Henry V (TV film)
|Directed by||Thea Sharrock|
|Produced by||Rupert Ryle-Hodges|
|Based on||Henry V
by William Shakespeare
|Music by||Adrian Johnston|
|Editing by||John Wilson|
|Production company||Neal Street Productions
|Original channel||BBC Two|
|Preceded by||Henry IV, Part II|
|Followed by||Henry VI, Part I|
Henry V is a 2012 British television film based on the play of the same name by William Shakespeare. It is the fourth film in the series of television films called The Hollow Crown produced by Sam Mendes for BBC Two covering the whole of Shakespeare's Henriad. It was directed by Thea Sharrock and stars Tom Hiddleston as Henry V of England.
The movie starts with the funeral of Henry V (which is the start of Henry VI, part 1) over whose obsequies the opening speech from the Chorus is made.
Certain scenes from Shakespeare's play are omitted:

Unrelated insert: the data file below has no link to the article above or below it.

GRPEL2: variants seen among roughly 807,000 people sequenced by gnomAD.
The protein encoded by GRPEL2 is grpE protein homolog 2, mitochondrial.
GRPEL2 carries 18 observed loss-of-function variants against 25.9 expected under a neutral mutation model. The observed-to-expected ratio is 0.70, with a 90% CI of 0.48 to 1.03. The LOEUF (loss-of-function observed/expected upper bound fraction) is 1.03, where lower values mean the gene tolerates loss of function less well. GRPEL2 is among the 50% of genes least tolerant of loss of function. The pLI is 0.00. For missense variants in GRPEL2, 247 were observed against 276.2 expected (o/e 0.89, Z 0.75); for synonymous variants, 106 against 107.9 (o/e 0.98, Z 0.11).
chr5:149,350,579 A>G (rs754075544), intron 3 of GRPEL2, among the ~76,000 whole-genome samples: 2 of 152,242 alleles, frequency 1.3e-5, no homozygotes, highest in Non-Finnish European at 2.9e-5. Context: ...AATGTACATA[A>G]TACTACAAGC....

- The Southampton Plot and Henry’s merciless response.
- The scenes among the ordinary men at Agincourt, featuring Fluellen, MacMorris and Jamy.
- The conversations in the French camp on the evening before the battle.
- The slaughter of the young boys guarding the English baggage train at Agincourt.
- Tom Hiddleston as Henry V
- Julie Walters as Mistress Quickly
- John Hurt as the Chorus/Falstaff's boy as a man
- Geraldine Chaplin as Alice
- Paul Freeman as Thomas Erpingham
- Tom Georgeson as Bardolph
- Richard Griffiths as Duke of Burgundy
- Paterson Joseph as Duke of York
- James Laurenson as Westmorland
- Anton Lesser as Exeter
- Paul Ritter as Pistol
- Malcolm Sinclair as Archbishop of Canterbury
- Owen Teale as Captain Fluellen
- Mélanie Thierry as Princess Katherine
- Lambert Wilson as Charles, King of France
- Edward Akrout as Louis, the Dauphin
- Tom Brooke as Corporal Nym
- Jeremie Covillaut as Montjoy
- Maxime Lefrançois as The Constable of France
- Stanley Weber as Duke of Orleans
- Gwilym Lee as Williams
- Richard Clothier as Earl of Salisbury
- Nigel Cooke as Bishop of Ely
- John Dagleish as Peto
- George Sargeant as Falstaff’s boy
- "Cast confirmed for BBC Two's cycle of Shakespeare films" (Press release). BBC Drama Publicity. 2011-11-24. Archived from the original on 2011-12-30. Retrieved 2012-07-13.